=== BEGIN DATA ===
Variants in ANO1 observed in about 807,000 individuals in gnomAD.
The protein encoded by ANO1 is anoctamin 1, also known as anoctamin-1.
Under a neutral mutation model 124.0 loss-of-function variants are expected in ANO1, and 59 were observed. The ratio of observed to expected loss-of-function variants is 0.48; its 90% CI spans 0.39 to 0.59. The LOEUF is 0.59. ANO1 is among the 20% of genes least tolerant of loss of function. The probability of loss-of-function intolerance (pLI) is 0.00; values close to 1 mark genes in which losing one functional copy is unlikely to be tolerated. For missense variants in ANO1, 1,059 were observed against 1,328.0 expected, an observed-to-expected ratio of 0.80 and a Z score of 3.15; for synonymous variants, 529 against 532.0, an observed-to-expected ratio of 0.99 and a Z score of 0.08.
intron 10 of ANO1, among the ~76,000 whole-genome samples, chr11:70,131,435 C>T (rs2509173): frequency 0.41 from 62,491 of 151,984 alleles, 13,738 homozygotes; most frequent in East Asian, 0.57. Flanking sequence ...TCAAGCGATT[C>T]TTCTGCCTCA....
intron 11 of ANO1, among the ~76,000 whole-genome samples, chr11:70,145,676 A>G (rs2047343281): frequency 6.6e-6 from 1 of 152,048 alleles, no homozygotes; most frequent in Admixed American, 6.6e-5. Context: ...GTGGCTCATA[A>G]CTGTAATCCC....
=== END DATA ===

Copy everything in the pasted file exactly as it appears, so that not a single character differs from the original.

Variants in ANO1 observed in about 807,000 individuals in gnomAD.
The protein encoded by ANO1 is anoctamin 1, also known as anoctamin-1.
Under a neutral mutation model 124.0 loss-of-function variants are expected in ANO1, and 59 were observed. The ratio of observed to expected loss-of-function variants is 0.48; its 90% CI spans 0.39 to 0.59. The LOEUF is 0.59. ANO1 is among the 20% of genes least tolerant of loss of function. The probability of loss-of-function intolerance (pLI) is 0.00; values close to 1 mark genes in which losing one functional copy is unlikely to be tolerated. For missense variants in ANO1, 1,059 were observed against 1,328.0 expected, an observed-to-expected ratio of 0.80 and a Z score of 3.15; for synonymous variants, 529 against 532.0, an observed-to-expected ratio of 0.99 and a Z score of 0.08.
intron 10 of ANO1, among the ~76,000 whole-genome samples, chr11:70,131,435 C>T (rs2509173): frequency 0.41 from 62,491 of 151,984 alleles, 13,738 homozygotes; most frequent in East Asian, 0.57. Flanking sequence ...TCAAGCGATT[C>T]TTCTGCCTCA....
intron 11 of ANO1, among the ~76,000 whole-genome samples, chr11:70,145,676 A>G (rs2047343281): frequency 6.6e-6 from 1 of 152,048 alleles, no homozygotes; most frequent in Admixed American, 6.6e-5. Context: ...GTGGCTCATA[A>G]CTGTAATCCC....